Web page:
- S. Li, T. Tokuyama, J. Yamamoto, M. Koide, N. Yokota, and H. Namba, “Bystander effect-mediated gene therapy of gliomas using genetically engineered neural stem cells,” Cancer Gene Therapy, vol. 12, no. 7, pp. 600–607, 2005.
- M. Uhl, M. Weiler, W. Wick, A. H. Jacobs, M. Weller, and U. Herrlinger, “Migratory neural stem cells for improved thymidine kinase-based gene therapy of malignant gliomas,” Biochemical and Biophysical Research Communications, vol. 328, no. 1, pp. 125–129, 2005.
- S. Benedetti, B. Pirola, B. Pollo et al., “Gene therapy of experimental brain tumors using neural progenitor cells,” Nature Medicine, vol. 6, no. 4, pp. 447–450, 2000.
- J. Yang, D. H. Lam, S. S. Goh et al., “Tumor tropism of intravenously injected human-induced pluripotent stem cell-derived neural stem cells and their gene therapy application in a metastatic breast cancer model,” Stem Cells, vol. 30, no. 5, pp. 1021–1029, 2012.
- D. Zhao, J. Najbauer, A. J. Annala et al., “Human neural stem cell tropism to metastatic breast cancer,” Stem Cells, vol. 30, no. 2, pp. 314–325, 2012.
- D. Zhao, J. Najbauer, E. Garcia et al., “Neural stem cell tropism to glioma: critical role of tumor hypoxia,” Molecular Cancer Research, vol. 6, no. 12, pp. 1819–1829, 2008.
- J. A. Bertout, S. A. Patel, and M. C. Simon, “The impact of O2 availability on human cancer,” Nature Reviews Cancer, vol. 8, no. 12, pp. 967–975, 2008.
- E. B. Rankin and A. J. Giaccia, “The role of hypoxia-inducible factors in tumorigenesis,” Cell Death & Differentiation, vol. 15, no. 4, pp. 678–685, 2008.
- J. M. Heddleston, Z. Li, R. E. McLendon, A. B. Hjelmeland, and J. N. Rich, “The hypoxic microenvironment maintains glioblastoma stem cells and promotes reprogramming towards a cancer stem cell phenotype,” Cell Cycle, vol. 8, no. 20, pp. 3274–3284, 2009.
- B. Keith and M. C. Simon, “Hypoxia-inducible factors, stem cells, and cancer,” Cell, vol. 129, no. 3, pp. 465–472, 2007.
- G. L. Semenza, “Targeting HIF-1 for cancer therapy,” Nature Reviews Cancer, vol. 3, no. 10, pp. 721–732, 2003.
- C. Camps, F. M. Buffa, S. Colella et al., “hsa-miR-210 is induced by hypoxia and is an independent prognostic factor in breast cancer,” Clinical Cancer Research, vol. 14, no. 5, pp. 1340–1348, 2008.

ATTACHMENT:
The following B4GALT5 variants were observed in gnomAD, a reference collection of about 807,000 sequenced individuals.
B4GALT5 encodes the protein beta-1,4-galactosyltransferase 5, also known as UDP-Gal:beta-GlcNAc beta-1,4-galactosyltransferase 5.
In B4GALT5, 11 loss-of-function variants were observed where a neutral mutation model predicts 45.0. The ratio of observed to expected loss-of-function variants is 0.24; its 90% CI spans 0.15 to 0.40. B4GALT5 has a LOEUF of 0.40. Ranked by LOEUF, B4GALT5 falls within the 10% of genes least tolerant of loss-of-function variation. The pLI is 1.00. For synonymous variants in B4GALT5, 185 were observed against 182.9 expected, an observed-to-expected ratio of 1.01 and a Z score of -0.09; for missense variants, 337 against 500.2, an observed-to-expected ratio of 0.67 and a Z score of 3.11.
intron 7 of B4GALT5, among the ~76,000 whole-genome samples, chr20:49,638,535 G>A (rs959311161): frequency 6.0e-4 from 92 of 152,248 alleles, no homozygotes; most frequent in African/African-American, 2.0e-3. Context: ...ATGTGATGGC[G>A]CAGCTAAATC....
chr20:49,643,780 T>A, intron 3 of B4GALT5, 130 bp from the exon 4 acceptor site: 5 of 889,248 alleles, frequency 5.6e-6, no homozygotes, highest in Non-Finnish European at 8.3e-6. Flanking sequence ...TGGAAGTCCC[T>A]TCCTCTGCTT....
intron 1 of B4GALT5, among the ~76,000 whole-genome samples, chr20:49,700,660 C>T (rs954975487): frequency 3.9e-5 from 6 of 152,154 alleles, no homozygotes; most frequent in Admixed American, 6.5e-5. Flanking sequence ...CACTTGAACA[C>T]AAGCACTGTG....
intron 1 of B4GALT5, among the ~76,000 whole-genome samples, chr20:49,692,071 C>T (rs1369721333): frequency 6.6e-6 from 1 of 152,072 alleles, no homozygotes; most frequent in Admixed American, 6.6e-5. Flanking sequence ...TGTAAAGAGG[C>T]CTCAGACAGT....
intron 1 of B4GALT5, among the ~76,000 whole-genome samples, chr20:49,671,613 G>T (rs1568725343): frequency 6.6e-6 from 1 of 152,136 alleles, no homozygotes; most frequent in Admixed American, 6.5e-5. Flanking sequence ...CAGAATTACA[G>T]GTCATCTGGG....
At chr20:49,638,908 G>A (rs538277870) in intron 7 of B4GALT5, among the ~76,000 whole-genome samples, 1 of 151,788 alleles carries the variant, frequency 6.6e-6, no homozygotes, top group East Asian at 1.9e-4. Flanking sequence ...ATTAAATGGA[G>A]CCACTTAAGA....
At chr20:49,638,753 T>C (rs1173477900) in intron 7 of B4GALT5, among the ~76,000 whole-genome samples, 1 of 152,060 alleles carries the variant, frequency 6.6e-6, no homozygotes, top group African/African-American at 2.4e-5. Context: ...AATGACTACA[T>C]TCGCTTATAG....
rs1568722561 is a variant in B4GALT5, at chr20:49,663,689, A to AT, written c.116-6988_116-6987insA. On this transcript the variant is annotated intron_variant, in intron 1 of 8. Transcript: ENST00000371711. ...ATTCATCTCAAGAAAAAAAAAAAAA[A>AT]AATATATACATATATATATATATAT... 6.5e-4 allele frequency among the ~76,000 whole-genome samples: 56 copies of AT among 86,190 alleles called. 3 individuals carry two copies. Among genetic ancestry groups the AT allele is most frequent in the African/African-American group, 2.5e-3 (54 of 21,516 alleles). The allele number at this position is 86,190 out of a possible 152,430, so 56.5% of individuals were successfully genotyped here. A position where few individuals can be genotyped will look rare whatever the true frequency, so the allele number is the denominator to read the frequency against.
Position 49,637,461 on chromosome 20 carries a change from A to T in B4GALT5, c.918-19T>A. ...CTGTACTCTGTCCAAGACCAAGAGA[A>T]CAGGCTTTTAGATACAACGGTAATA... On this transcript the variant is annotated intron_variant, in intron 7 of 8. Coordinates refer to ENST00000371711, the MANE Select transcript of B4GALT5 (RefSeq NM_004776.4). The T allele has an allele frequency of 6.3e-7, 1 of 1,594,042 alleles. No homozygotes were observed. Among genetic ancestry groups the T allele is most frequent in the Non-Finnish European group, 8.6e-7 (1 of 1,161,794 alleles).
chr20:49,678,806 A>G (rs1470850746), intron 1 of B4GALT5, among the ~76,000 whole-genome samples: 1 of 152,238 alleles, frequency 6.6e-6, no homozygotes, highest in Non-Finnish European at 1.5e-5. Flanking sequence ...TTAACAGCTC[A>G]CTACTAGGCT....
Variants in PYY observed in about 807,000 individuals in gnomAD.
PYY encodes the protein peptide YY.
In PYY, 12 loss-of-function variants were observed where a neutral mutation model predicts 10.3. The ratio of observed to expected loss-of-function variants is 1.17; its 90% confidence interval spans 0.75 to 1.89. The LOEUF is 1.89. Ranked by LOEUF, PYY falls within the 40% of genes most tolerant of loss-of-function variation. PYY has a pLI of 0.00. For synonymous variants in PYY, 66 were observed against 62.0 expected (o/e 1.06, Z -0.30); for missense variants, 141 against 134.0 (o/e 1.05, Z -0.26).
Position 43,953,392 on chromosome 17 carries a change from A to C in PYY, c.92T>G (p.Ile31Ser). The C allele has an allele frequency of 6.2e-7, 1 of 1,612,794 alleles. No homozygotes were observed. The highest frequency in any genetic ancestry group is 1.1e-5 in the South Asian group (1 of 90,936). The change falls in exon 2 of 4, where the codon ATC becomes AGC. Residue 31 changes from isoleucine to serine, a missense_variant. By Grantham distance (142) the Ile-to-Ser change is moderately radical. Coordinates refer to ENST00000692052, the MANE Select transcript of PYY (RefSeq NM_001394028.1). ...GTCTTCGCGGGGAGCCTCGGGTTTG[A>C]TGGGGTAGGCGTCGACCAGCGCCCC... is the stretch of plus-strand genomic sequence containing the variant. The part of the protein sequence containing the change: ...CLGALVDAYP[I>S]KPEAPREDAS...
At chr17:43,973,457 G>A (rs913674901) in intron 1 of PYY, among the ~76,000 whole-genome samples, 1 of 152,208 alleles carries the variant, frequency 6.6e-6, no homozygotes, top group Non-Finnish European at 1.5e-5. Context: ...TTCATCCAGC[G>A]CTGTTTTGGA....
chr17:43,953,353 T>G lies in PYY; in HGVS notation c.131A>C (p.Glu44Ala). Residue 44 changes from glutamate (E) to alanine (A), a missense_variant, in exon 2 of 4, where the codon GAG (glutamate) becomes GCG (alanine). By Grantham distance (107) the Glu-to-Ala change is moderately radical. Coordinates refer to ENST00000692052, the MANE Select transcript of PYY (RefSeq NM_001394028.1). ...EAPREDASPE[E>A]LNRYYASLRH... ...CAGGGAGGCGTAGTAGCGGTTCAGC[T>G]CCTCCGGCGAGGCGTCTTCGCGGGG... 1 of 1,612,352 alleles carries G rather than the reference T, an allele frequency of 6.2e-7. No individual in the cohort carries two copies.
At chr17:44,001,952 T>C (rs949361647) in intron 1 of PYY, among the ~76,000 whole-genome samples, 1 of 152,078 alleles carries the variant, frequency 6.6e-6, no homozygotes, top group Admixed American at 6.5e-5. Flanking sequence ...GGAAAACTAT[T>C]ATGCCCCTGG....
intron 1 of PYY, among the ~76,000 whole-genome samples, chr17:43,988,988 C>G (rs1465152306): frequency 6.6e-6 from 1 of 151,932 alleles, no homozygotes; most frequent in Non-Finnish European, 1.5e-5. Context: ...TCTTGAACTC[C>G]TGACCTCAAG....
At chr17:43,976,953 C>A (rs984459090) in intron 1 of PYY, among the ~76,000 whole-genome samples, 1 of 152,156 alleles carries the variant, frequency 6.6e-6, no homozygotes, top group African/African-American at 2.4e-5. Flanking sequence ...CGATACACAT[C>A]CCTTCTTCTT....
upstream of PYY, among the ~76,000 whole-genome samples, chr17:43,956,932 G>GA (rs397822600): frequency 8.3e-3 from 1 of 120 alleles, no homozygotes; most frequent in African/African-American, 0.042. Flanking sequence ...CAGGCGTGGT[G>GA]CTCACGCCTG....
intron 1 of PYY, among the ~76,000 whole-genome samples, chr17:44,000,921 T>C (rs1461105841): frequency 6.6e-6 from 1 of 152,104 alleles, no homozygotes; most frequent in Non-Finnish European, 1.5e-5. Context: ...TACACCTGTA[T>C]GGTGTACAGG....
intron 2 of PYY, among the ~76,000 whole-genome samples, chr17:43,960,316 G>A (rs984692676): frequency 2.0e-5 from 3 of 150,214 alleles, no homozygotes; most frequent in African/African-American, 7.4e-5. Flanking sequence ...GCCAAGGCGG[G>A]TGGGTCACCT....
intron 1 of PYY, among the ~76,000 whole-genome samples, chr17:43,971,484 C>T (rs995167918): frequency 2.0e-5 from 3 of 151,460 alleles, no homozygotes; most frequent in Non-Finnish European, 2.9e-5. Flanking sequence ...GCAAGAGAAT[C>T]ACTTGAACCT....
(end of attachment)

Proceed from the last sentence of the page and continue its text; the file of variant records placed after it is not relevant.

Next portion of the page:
- A. Giannakakis, R. Sandaltzopoulos, J. Greshock et al., “miR-210 links hypoxia with cell cycle regulation and is deleted in human epithelial ovarian cancer,” Cancer Biology & Therapy, vol. 7, no. 2, pp. 255–264, 2008.
- S. Rane, M. He, D. Sayed et al., “Downregulation of MiR-199a derepresses hypoxia-inducible factor-1α and sirtuin 1 and recapitulates hypoxia preconditioning in cardiac myocytes,” Circulation Research, vol. 104, no. 7, pp. 879–886, 2009.
- B. D. Brown, M. A. Venneri, A. Zingale, L. S. Sergi, and L. Naldini, “Endogenous microRNA regulation suppresses transgene expression in hematopoietic lineages and enables stable gene transfer,” Nature Medicine, vol. 12, no. 5, pp. 585–591, 2006.
- B. D. Brown, B. Gentner, A. Cantore et al., “Endogenous microRNA can be broadly exploited to regulate transgene expression according to tissue, lineage and differentiation state,” Nature Biotechnology, vol. 25, no. 12, pp. 1457–1467, 2007.
- B. D. Brown and L. Naldini, “Exploiting and antagonizing microRNA regulation for therapeutic and experimental applications,” Nature Reviews Genetics, vol. 10, no. 8, pp. 578–585, 2009.
- Y. Luo, Y. Fan, B. Zhou, Z. Xu, Y. Chen, and X. Sun, “Generation of induced pluripotent stem cells from skin fibroblasts of a patient with olivopontocerebellar atrophy,” The Tohoku Journal of Experimental Medicine, vol. 226, no. 2, pp. 151–159, 2012.
- K. Takahashi, K. Tanabe, M. Ohnuki et al., “Induction of pluripotent stem cells from adult human fibroblasts by defined factors,” Cell, vol. 131, no. 5, pp. 861–872, 2007.
- M. A. Tyler, I. V. Ulasov, A. M. Sonabend et al., “Neural stem cells target intracranial glioma to deliver an oncolytic adenovirus in vivo,” Gene Therapy, vol. 16, no. 2, pp. 262–278, 2009.
- T. Shibata, A. J. Giaccia, and J. M. Brown, “Development of a hypoxia-responsive vector for tumor-specific gene therapy,” Gene Therapy, vol. 7, no. 6, pp. 493–498, 2000.
- S. Kaluz, M. Kaluzova, and E. J. Stanbridge, “Rational design of minimal hypoxia-inducible enhancers,” Biochemical and Biophysical Research Communications, vol. 370, no. 4, pp. 613–618, 2008.
- E. X. Lee, D. H. Lam, C. Wu et al., “Glioma gene therapy using induced pluripotent stem cell derived neural stem cells,” Molecular Pharmaceutics, vol. 8, no. 5, pp. 1515–1524, 2011.
- Y. Kim, Q. Lin, D. Zelterman, and Z. Yun, “Hypoxia-regulated delta-like 1 homologue enhances cancer cell stemness and tumorigenicity,” Cancer Research, vol. 69, no. 24, pp. 9271–9280, 2009.
- Y. Kim, Q. Lin, P. M. Glazer, and Z. Yun, “Hypoxic tumor microenvironment and cancer cell differentiation,” Current Molecular Medicine, vol. 9, no. 4, pp. 425–434, 2009.
- A. Soeda, M. Park, D. Lee et al., “Hypoxia promotes expansion of the CD133-positive glioma stem cells through activation of HIF-1α,” Oncogene, vol. 28, no. 45, pp. 3949–3959, 2009.
- K. M. Anderson, A. Jajeh, P. Guinan, and M. Rubenstein, “Are cancer stem cells concentrated in more alkaline hypoxic regions of tumors?” Medical Hypotheses, vol. 74, no. 5, pp. 868–870, 2010.
- C. Wu, J. Lin, M. Hong et al., “Combinatorial control of suicide gene expression by tissue-specific promoter and microrna regulation for cancer therapy,” Molecular Therapy, vol. 17, no. 12, pp. 2058–2066, 2009.
- M. Lee, “Hypoxia targeting gene expression for breast cancer gene therapy,” Advanced Drug Delivery Reviews, vol. 61, no. 10, pp. 842–849, 2009.
Copyright © 2014 Yumei Luo and Detu Zhu. This is an open access article distributed under the Creative Commons Attribution License, which permits unrestricted use, distribution, and reproduction in any medium, provided the original work is properly cited.